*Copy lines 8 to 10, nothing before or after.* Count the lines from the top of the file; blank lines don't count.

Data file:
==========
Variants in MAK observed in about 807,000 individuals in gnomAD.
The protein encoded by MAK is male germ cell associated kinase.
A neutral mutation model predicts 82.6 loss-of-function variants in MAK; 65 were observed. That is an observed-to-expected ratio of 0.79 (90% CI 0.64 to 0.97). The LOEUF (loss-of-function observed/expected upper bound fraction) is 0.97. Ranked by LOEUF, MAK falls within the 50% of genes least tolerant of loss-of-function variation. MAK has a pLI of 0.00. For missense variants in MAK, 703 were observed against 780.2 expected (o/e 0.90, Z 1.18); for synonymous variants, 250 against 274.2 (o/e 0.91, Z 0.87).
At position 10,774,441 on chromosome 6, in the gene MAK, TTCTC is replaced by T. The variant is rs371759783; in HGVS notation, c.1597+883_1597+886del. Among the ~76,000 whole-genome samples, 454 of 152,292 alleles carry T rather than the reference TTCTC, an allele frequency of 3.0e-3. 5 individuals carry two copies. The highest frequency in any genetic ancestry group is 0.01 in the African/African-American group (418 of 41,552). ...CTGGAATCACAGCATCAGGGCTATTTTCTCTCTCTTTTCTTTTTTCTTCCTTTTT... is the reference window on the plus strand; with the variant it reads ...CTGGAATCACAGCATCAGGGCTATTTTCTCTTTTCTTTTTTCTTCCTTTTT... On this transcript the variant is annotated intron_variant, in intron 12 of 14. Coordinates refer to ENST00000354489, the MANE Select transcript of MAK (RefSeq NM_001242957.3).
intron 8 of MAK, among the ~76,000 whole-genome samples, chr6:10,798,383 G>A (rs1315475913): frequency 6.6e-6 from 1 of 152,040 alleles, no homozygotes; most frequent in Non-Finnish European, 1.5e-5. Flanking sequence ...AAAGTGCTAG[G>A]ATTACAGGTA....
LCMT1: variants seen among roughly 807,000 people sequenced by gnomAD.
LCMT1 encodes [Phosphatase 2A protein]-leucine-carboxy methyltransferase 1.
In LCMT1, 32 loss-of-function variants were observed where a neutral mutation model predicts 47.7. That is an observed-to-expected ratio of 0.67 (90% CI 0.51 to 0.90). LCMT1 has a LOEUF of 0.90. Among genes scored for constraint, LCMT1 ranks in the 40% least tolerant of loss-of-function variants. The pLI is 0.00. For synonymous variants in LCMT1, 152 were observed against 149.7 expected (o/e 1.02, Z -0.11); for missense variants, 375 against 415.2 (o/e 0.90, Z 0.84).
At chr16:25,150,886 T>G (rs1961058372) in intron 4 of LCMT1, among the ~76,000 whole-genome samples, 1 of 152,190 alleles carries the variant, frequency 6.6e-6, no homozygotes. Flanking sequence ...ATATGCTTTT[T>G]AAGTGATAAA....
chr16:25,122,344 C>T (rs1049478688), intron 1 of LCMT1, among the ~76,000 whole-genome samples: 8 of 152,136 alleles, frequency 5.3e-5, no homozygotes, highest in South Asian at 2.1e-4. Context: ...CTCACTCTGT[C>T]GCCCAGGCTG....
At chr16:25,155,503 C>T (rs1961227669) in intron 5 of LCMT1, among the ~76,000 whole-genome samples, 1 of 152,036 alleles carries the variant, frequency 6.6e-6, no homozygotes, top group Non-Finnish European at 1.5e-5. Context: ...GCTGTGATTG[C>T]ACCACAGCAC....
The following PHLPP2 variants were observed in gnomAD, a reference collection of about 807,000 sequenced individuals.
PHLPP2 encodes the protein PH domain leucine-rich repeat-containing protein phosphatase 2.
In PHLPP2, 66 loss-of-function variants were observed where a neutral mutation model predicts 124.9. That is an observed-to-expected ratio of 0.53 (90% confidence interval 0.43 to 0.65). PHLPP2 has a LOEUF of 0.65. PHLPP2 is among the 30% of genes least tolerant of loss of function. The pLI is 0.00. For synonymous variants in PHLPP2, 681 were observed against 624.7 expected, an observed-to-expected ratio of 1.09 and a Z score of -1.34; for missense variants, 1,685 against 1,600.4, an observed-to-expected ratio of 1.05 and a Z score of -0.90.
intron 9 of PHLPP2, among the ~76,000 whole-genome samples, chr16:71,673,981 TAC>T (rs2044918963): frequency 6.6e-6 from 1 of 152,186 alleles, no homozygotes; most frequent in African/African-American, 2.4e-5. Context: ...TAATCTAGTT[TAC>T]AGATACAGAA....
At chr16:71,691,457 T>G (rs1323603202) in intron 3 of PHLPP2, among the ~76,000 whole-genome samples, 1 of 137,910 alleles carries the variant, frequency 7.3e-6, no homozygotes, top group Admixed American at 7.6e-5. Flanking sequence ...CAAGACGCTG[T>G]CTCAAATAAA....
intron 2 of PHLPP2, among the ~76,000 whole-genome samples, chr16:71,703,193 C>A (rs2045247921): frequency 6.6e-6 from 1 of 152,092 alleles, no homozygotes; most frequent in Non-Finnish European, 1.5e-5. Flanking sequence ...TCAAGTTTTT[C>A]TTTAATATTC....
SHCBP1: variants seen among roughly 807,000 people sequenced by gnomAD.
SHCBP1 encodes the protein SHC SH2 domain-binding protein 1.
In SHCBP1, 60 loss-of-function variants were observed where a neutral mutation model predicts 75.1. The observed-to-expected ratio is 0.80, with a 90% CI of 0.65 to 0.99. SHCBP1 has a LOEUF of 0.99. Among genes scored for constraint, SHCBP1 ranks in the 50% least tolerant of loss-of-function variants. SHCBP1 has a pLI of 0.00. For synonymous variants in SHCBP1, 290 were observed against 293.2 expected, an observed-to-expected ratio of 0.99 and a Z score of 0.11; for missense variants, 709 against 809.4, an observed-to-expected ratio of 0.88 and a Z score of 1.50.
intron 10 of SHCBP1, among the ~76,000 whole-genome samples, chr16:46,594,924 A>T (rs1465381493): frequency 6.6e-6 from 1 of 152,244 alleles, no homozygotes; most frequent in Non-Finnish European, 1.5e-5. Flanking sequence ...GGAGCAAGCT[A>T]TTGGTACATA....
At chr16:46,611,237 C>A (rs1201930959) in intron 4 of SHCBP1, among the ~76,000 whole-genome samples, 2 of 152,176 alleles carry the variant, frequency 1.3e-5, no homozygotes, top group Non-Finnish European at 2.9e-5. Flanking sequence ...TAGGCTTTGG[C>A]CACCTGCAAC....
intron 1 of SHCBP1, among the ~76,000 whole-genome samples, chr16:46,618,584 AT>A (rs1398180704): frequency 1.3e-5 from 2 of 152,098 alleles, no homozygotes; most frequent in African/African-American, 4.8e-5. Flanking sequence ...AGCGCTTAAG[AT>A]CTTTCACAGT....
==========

In LCMT1, 32 loss-of-function variants were observed where a neutral mutation model predicts 47.7. That is an observed-to-expected ratio of 0.67 (90% CI 0.51 to 0.90). LCMT1 has a LOEUF of 0.90. Among genes scored for constraint, LCMT1 ranks in the 40% least tolerant of loss-of-function variants. The pLI is 0.00. For synonymous variants in LCMT1, 152 were observed against 149.7 expected (o/e 1.02, Z -0.11); for missense variants, 375 against 415.2 (o/e 0.90, Z 0.84).
At chr16:25,150,886 T>G (rs1961058372) in intron 4 of LCMT1, among the ~76,000 whole-genome samples, 1 of 152,190 alleles carries the variant, frequency 6.6e-6, no homozygotes. Flanking sequence ...ATATGCTTTT[T>G]AAGTGATAAA....
chr16:25,122,344 C>T (rs1049478688), intron 1 of LCMT1, among the ~76,000 whole-genome samples: 8 of 152,136 alleles, frequency 5.3e-5, no homozygotes, highest in South Asian at 2.1e-4. Context: ...CTCACTCTGT[C>T]GCCCAGGCTG....